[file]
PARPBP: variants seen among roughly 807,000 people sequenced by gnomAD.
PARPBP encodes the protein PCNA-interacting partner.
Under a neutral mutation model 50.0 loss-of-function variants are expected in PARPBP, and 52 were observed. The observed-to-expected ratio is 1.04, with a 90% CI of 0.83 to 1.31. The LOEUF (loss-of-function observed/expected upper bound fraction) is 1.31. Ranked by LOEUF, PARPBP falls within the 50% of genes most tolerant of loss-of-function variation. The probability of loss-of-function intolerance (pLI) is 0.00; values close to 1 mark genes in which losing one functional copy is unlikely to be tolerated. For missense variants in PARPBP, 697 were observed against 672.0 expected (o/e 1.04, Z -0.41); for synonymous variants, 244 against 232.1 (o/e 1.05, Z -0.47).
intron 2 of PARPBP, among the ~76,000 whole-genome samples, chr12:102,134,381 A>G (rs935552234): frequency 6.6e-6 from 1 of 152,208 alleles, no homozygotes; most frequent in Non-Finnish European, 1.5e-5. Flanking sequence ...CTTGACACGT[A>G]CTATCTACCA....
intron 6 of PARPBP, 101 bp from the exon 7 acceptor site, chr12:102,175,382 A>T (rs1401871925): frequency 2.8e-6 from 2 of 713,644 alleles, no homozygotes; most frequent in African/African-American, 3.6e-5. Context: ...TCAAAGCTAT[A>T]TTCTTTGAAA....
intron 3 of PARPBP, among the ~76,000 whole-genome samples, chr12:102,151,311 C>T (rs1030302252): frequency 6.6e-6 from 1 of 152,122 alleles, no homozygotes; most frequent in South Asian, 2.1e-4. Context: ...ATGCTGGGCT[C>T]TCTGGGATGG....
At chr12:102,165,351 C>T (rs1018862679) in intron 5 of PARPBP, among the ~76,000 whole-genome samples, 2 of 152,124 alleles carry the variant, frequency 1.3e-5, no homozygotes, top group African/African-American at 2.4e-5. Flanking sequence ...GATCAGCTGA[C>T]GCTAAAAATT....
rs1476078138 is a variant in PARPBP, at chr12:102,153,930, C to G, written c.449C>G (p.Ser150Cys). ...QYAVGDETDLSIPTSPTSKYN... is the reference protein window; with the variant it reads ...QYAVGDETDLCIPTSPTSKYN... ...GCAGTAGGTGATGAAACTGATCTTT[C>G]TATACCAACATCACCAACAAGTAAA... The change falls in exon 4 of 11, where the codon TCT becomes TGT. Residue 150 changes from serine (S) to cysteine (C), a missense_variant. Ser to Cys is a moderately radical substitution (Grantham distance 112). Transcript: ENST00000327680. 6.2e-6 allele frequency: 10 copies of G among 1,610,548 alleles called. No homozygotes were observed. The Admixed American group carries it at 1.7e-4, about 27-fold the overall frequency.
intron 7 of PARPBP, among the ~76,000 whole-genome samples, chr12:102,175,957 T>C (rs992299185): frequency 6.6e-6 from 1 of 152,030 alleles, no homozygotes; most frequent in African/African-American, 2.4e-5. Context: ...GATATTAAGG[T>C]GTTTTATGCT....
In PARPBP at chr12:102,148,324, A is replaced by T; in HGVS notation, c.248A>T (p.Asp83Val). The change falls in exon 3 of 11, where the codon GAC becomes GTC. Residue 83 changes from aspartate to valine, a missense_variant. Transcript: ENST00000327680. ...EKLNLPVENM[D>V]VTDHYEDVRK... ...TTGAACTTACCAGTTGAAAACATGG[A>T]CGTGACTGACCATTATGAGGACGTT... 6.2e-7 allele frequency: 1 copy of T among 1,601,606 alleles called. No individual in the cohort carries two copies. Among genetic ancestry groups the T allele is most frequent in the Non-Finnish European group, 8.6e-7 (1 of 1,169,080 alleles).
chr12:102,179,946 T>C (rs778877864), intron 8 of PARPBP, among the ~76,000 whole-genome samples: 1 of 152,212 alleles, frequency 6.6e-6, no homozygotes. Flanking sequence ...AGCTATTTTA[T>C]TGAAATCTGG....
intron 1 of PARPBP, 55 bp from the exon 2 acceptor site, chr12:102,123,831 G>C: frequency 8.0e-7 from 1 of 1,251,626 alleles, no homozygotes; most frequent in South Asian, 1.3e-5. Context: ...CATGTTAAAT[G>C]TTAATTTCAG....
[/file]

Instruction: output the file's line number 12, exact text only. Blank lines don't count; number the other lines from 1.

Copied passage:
intron 1 of PARPBP, 55 bp from the exon 2 acceptor site, chr12:102,123,831 G>C: frequency 8.0e-7 from 1 of 1,251,626 alleles, no homozygotes; most frequent in South Asian, 1.3e-5. Context: ...CATGTTAAAT[G>C]TTAATTTCAG....